in the list of global d earlier in the list of global
rules. When the list-clearing rule ("!") is read from a per-directory rules. When the list-clearing rule ("!") is read from a per-directory fi
it only clears the inher- le, it only clears the inher-
ited rules for the current merge file. ited rules for the current merge file.
Another a Another way to prevent a single rule from a dir-merge file from being i nherited is to anchor it with a
leading slash. Anchored rules in a per-directory merge-file are relative to the merge-file's directory, leading slash. Anchored rules in a per-directory merge-file are relative to the merge-file's directory,
so a pattern "/foo" would only match the file "foo" in the directory wher e the dir-merge filter file was so a pattern "/foo" would only match the file "foo" in the directory wher e the dir-merge filter file was
found. found.
Here's an example filter file which you'd specify via --filter=". file": Here's an example filter file which you'd specify via --filter=". file":
merge /home/user/.global-filter merge /home/user/.global-filter
- *.gz - *.gz
dir-merge .rules dir-merge .rules
+ *.[ch] + *.[ch]
- *.o - *.o
- foo* - foo*
This will merge the contents of the /home/user/.global-filter file at This will merge the contents of the /home/user/.global-filter file at the
the start of the list and also start of the list and also
turns the ".rules" filename into a per-directory filter file. All turns the ".rules" filename into a per-directory filter file. All rule
read in prior to the start of s read in prior to the start of
the directory scan follow the global anchoring rules (i.e. a leading the directory scan follow the global anchoring rules (i.e. a leading slas
matches at the root of the h matches at the root of the
transfer). transfer).
If a per-directory merge-file is specified with a path that is a parent If a per-directory merge-file is specified with a path that is a parent
of the first transfer directory of the first transfer
directory, rsync will scan all the parent dirs from that starting directory, rsync will scan all the parent dirs from that starting point t
t the transfer directory for o the transfer directory for
the indicated per-directory file. For instance, here is a common filter (see -F): the indicated per-directory file. For instance, here is a common filter (see -F):
--filter=': /.rsync-filter' --filter=': /.rsync-filter'
That rule tells rsync to scan for the file .rsync-filter in all That rule tells rsync to scan for the file .rsync-filter in all directo
from the root down through ries from the root down through
the parent directory of the transfer prior to the start of the normal the parent directory of the transfer prior to the start of the normal dir
scan of the file in the ectory scan of the file in the
directories that are sent as a part of the transfer. (Note: for an rsync directories that are sent as a part of the transfer. (Note: for an rsync
daemon, the root is always the daemon, the root is always the
same as the module's "path".) same as the module's "path".)
Some examples of this pre-scanning for per-directory files: Some examples of this pre-scanning for per-directory files:
rsync -avF /src/path/ /dest/dir rsync -avF /src/path/ /dest/dir
rsync -av --filter=': ../../.rsync-filter' /src/path/ /dest/dir rsync -av --filter=': ../../.rsync-filter' /src/path/ /dest/dir
rsync -av --filter=': .rsync-filter' /src/path/ /dest/dir rsync -av --filter=': .rsync-filter' /src/path/ /dest/dir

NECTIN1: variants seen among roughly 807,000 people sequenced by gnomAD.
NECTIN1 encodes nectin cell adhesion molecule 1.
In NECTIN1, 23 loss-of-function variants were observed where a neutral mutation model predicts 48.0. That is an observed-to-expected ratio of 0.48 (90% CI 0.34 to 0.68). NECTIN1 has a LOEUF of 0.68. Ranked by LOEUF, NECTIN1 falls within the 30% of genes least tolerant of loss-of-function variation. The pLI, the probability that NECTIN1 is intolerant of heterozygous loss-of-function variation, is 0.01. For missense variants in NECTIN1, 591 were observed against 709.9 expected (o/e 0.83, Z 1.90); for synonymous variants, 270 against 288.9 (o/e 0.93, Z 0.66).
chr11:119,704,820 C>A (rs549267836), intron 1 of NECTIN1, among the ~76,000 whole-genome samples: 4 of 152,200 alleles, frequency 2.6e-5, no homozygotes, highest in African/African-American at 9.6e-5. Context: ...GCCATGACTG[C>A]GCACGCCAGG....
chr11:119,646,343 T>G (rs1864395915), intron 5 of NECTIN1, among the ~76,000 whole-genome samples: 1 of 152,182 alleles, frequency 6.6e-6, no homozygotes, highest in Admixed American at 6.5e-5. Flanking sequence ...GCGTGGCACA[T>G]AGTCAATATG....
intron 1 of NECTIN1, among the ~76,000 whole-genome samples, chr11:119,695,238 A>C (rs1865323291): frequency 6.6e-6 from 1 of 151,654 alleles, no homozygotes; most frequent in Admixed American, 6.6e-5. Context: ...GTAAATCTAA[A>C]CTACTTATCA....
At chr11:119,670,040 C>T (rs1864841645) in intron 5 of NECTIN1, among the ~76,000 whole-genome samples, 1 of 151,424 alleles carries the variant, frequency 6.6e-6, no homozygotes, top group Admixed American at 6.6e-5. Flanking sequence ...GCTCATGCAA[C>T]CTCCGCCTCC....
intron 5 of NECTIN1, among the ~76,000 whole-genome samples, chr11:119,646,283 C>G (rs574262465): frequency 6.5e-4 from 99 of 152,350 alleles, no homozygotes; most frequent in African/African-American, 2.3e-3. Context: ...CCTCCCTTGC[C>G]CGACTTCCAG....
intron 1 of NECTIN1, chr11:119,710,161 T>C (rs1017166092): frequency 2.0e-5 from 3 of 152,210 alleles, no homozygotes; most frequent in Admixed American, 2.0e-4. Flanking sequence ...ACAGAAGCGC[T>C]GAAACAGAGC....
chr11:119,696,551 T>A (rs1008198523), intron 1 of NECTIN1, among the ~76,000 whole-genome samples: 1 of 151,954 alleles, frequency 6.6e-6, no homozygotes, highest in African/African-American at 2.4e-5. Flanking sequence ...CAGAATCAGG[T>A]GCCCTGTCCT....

The first two commands above will look for ".rsync-filter" in "/" The first two commands above will look for ".rsync-filter" in "/" and "/
before the normal scan src" before the normal scan
begins looking for the file in "/src/path" and its subdirectories. The begins looking for the file in "/src/path" and its subdirectories. The
command avoids the parent- last command avoids the parent-
dir scan and only looks for the ".rsync-filter" files in each directory t hat is a part of the transfer. dir scan and only looks for the ".rsync-filter" files in each directory t hat is a part of the transfer.
If you want to include the contents of a ".cvsignore" in your If you want to include the contents of a ".cvsignore" in your patterns, y
should use the rule ":C", ou should use the rule ":C",
which creates a dir-merge of the .cvsignore file, but parsed in a which creates a dir-merge of the .cvsignore file, but parsed in a CVS-
manner. You can use compatible manner. You can use
this to affect where the --cvs-exclude (-C) option's inclusion of the per -directory .cvsignore file gets this to affect where the --cvs-exclude (-C) option's inclusion of the per -directory .cvsignore file gets
placed into your rules by putting the ":C" wherever you like in your placed into your rules by putting the ":C" wherever you like in your fil
rules. Without this, rsync ter rules. Without this, rsync
would add the dir-merge rule for the .cvsignore file at the end of would add the dir-merge rule for the .cvsignore file at the end of all yo
other rules (giving it a ur other rules (giving it a
lower priority than your command-line rules). For example: lower priority than your command-line rules). For example:
cat <<EOT | rsync -avC --filter='. -' a/ b cat <<EOT | rsync -avC --filter='. -' a/ b
+ foo.o + foo.o
:C :C
- *.old - *.old
EOT EOT
rsync -avC --include=foo.o -f :C --exclude='*.old' a/ b rsync -avC --include=foo.o -f :C --exclude='*.old' a/ b
Both of the above rsync commands are identical. Each one will merge Both of the above rsync commands are identical. Each one will merge a
the per-directory .cvsignore ll the per-directory .cvsignore
rules in the middle of the list rather than at the end. This allows rules in the middle of the list rather than at the end. This allows thei
dir-specific rules to super- r dir-specific rules to super-
sede the rules that follow the :C instead of being subservient to all sede the rules that follow the :C instead of being subservient to all y